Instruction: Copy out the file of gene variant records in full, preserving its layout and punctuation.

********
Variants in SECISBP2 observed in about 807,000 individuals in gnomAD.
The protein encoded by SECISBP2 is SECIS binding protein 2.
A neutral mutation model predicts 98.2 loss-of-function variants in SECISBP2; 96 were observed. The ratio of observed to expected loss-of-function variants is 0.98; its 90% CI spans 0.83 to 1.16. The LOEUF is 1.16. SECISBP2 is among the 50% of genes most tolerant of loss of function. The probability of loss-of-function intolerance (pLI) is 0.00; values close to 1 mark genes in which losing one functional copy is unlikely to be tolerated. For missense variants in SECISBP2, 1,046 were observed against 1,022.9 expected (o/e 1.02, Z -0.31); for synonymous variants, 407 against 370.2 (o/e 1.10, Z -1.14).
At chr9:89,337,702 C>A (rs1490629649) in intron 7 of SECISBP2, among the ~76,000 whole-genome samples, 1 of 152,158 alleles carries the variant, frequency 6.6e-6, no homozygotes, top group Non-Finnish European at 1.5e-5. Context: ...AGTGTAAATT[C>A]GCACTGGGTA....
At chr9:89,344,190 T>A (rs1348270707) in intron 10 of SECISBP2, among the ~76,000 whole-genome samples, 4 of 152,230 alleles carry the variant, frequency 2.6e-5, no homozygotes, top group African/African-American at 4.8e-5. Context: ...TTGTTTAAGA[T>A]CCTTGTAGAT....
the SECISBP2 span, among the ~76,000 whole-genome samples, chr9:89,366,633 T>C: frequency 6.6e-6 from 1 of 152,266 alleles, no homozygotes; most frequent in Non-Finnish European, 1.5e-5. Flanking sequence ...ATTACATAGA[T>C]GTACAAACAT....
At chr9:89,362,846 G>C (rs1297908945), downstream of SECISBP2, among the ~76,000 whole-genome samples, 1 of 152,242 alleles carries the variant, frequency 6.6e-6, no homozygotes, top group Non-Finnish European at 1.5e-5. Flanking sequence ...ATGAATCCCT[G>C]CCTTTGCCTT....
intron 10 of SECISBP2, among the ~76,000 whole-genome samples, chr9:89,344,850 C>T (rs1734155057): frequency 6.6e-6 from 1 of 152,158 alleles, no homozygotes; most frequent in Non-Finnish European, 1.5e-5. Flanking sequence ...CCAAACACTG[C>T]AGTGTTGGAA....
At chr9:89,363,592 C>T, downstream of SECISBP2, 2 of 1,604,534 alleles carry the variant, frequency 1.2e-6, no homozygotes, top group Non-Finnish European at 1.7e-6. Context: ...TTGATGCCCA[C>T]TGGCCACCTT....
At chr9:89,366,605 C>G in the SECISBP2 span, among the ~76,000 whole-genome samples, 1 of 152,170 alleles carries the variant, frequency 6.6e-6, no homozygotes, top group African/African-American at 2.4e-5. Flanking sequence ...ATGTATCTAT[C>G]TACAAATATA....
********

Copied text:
Variants in SECISBP2 observed in about 807,000 individuals in gnomAD.
The protein encoded by SECISBP2 is SECIS binding protein 2.
A neutral mutation model predicts 98.2 loss-of-function variants in SECISBP2; 96 were observed. The ratio of observed to expected loss-of-function variants is 0.98; its 90% CI spans 0.83 to 1.16. The LOEUF is 1.16. SECISBP2 is among the 50% of genes most tolerant of loss of function. The probability of loss-of-function intolerance (pLI) is 0.00; values close to 1 mark genes in which losing one functional copy is unlikely to be tolerated. For missense variants in SECISBP2, 1,046 were observed against 1,022.9 expected (o/e 1.02, Z -0.31); for synonymous variants, 407 against 370.2 (o/e 1.10, Z -1.14).
At chr9:89,337,702 C>A (rs1490629649) in intron 7 of SECISBP2, among the ~76,000 whole-genome samples, 1 of 152,158 alleles carries the variant, frequency 6.6e-6, no homozygotes, top group Non-Finnish European at 1.5e-5. Context: ...AGTGTAAATT[C>A]GCACTGGGTA....
At chr9:89,344,190 T>A (rs1348270707) in intron 10 of SECISBP2, among the ~76,000 whole-genome samples, 4 of 152,230 alleles carry the variant, frequency 2.6e-5, no homozygotes, top group African/African-American at 4.8e-5. Context: ...TTGTTTAAGA[T>A]CCTTGTAGAT....
the SECISBP2 span, among the ~76,000 whole-genome samples, chr9:89,366,633 T>C: frequency 6.6e-6 from 1 of 152,266 alleles, no homozygotes; most frequent in Non-Finnish European, 1.5e-5. Flanking sequence ...ATTACATAGA[T>C]GTACAAACAT....
At chr9:89,362,846 G>C (rs1297908945), downstream of SECISBP2, among the ~76,000 whole-genome samples, 1 of 152,242 alleles carries the variant, frequency 6.6e-6, no homozygotes, top group Non-Finnish European at 1.5e-5. Flanking sequence ...ATGAATCCCT[G>C]CCTTTGCCTT....
intron 10 of SECISBP2, among the ~76,000 whole-genome samples, chr9:89,344,850 C>T (rs1734155057): frequency 6.6e-6 from 1 of 152,158 alleles, no homozygotes; most frequent in Non-Finnish European, 1.5e-5. Flanking sequence ...CCAAACACTG[C>T]AGTGTTGGAA....
At chr9:89,363,592 C>T, downstream of SECISBP2, 2 of 1,604,534 alleles carry the variant, frequency 1.2e-6, no homozygotes, top group Non-Finnish European at 1.7e-6. Context: ...TTGATGCCCA[C>T]TGGCCACCTT....
At chr9:89,366,605 C>G in the SECISBP2 span, among the ~76,000 whole-genome samples, 1 of 152,170 alleles carries the variant, frequency 6.6e-6, no homozygotes, top group African/African-American at 2.4e-5. Flanking sequence ...ATGTATCTAT[C>G]TACAAATATA....